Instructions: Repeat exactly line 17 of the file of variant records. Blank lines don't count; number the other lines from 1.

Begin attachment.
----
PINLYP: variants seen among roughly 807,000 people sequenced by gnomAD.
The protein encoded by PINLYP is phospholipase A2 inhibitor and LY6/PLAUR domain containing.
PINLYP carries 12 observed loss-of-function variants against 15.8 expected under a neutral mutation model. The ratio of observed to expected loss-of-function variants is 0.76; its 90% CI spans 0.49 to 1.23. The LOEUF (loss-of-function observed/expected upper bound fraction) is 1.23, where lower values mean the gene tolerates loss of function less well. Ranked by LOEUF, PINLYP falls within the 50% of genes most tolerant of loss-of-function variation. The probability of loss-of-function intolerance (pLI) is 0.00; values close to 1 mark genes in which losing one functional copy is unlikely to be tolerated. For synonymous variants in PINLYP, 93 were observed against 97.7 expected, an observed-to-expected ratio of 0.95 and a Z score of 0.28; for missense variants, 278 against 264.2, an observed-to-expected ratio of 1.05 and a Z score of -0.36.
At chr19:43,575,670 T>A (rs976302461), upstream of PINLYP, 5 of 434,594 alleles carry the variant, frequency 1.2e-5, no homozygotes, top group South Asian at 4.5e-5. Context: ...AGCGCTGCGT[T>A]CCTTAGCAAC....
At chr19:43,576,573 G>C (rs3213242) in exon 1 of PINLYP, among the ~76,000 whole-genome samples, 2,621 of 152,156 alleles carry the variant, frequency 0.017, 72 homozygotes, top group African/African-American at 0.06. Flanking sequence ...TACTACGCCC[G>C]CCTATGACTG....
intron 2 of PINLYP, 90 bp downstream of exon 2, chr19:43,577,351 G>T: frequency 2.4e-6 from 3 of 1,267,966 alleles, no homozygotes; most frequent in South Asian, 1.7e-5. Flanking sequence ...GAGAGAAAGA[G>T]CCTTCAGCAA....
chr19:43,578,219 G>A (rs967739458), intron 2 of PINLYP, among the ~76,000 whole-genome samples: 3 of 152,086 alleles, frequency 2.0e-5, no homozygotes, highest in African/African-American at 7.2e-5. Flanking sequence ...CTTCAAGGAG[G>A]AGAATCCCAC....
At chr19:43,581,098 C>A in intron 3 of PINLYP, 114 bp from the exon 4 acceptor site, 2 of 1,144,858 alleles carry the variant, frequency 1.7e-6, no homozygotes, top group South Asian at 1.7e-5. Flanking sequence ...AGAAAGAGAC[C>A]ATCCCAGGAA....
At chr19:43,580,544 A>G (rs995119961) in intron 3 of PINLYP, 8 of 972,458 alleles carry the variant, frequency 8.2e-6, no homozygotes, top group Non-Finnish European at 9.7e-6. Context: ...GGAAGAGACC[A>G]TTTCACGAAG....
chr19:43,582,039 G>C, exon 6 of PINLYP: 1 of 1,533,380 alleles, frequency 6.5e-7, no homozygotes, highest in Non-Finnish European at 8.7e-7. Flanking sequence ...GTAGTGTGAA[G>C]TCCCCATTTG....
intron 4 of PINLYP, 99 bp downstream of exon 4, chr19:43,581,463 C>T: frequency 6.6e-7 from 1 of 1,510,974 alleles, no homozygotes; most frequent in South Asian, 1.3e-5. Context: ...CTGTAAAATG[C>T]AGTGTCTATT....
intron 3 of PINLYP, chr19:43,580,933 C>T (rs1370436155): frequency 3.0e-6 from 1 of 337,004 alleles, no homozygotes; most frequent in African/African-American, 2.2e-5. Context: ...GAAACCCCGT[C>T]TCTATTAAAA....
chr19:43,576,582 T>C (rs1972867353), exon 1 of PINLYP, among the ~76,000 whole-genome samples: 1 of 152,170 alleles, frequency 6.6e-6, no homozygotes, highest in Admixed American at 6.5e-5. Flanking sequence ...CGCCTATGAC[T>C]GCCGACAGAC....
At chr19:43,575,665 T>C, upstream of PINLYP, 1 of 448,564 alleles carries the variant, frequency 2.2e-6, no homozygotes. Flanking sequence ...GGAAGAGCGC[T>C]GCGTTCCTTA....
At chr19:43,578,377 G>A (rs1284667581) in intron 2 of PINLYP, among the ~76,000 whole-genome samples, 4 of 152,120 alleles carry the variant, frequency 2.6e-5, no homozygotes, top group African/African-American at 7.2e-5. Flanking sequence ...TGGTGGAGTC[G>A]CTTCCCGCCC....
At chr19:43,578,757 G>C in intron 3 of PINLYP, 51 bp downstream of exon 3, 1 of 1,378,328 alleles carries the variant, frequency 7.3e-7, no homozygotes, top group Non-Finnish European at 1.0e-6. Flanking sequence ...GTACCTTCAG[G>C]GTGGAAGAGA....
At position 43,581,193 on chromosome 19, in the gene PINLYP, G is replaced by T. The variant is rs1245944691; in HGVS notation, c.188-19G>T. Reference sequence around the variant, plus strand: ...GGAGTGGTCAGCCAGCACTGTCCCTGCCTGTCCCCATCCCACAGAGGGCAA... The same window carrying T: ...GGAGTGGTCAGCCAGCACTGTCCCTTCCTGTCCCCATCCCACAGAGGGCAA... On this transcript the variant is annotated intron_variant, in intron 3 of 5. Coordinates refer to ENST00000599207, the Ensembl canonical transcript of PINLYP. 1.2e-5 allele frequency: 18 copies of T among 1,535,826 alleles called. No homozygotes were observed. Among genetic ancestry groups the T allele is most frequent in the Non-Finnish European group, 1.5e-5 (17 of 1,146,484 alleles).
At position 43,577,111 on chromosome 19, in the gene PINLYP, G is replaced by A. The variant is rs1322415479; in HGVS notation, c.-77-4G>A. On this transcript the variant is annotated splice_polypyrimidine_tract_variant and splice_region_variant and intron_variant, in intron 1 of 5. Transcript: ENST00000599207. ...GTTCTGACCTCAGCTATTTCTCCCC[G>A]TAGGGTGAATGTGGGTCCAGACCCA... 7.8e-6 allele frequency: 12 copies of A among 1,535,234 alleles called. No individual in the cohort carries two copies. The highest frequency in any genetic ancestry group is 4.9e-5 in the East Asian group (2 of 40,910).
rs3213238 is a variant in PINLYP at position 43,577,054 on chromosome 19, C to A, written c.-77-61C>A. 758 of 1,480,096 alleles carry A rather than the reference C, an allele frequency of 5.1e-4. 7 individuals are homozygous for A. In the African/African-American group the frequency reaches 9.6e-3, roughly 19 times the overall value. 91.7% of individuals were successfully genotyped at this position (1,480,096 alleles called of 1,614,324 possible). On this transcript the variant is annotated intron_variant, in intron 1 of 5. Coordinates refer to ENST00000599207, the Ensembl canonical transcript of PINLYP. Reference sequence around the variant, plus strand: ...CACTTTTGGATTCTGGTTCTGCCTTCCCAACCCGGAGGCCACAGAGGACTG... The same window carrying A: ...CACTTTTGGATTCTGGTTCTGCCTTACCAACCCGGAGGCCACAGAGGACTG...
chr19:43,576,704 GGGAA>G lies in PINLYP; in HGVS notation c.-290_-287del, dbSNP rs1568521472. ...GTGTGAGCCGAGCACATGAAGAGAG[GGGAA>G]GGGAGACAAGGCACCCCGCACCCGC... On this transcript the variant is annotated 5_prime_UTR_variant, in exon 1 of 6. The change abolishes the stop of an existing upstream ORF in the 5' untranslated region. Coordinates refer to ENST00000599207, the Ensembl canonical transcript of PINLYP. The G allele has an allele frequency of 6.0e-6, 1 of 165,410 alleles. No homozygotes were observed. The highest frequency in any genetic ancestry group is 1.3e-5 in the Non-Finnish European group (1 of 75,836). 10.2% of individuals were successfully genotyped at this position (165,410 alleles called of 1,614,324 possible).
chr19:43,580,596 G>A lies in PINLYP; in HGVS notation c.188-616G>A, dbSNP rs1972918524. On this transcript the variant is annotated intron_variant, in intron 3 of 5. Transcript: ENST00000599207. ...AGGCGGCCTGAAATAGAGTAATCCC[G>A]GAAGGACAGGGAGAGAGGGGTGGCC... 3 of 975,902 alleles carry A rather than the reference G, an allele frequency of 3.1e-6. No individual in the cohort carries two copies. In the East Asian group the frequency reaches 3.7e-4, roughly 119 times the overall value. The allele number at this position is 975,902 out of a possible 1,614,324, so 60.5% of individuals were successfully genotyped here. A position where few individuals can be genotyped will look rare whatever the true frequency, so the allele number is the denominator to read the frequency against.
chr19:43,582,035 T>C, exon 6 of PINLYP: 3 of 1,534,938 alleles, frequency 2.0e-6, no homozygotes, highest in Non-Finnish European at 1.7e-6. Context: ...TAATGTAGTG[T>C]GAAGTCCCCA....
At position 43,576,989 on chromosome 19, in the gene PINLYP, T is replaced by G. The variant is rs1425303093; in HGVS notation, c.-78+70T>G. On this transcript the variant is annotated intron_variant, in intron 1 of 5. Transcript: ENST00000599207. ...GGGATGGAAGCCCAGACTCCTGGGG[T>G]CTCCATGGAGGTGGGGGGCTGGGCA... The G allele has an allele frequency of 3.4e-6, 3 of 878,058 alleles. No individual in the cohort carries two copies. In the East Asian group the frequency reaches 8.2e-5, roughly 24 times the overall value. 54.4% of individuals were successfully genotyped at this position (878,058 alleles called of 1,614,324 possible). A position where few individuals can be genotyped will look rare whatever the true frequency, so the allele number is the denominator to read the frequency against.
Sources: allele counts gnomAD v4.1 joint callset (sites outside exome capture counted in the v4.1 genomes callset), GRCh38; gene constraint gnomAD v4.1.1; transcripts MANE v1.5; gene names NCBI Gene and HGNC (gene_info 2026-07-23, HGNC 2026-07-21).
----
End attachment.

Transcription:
At position 43,581,193 on chromosome 19, in the gene PINLYP, G is replaced by T. The variant is rs1245944691; in HGVS notation, c.188-19G>T. Reference sequence around the variant, plus strand: ...GGAGTGGTCAGCCAGCACTGTCCCTGCCTGTCCCCATCCCACAGAGGGCAA... The same window carrying T: ...GGAGTGGTCAGCCAGCACTGTCCCTTCCTGTCCCCATCCCACAGAGGGCAA... On this transcript the variant is annotated intron_variant, in intron 3 of 5. Coordinates refer to ENST00000599207, the Ensembl canonical transcript of PINLYP. 1.2e-5 allele frequency: 18 copies of T among 1,535,826 alleles called. No homozygotes were observed. Among genetic ancestry groups the T allele is most frequent in the Non-Finnish European group, 1.5e-5 (17 of 1,146,484 alleles).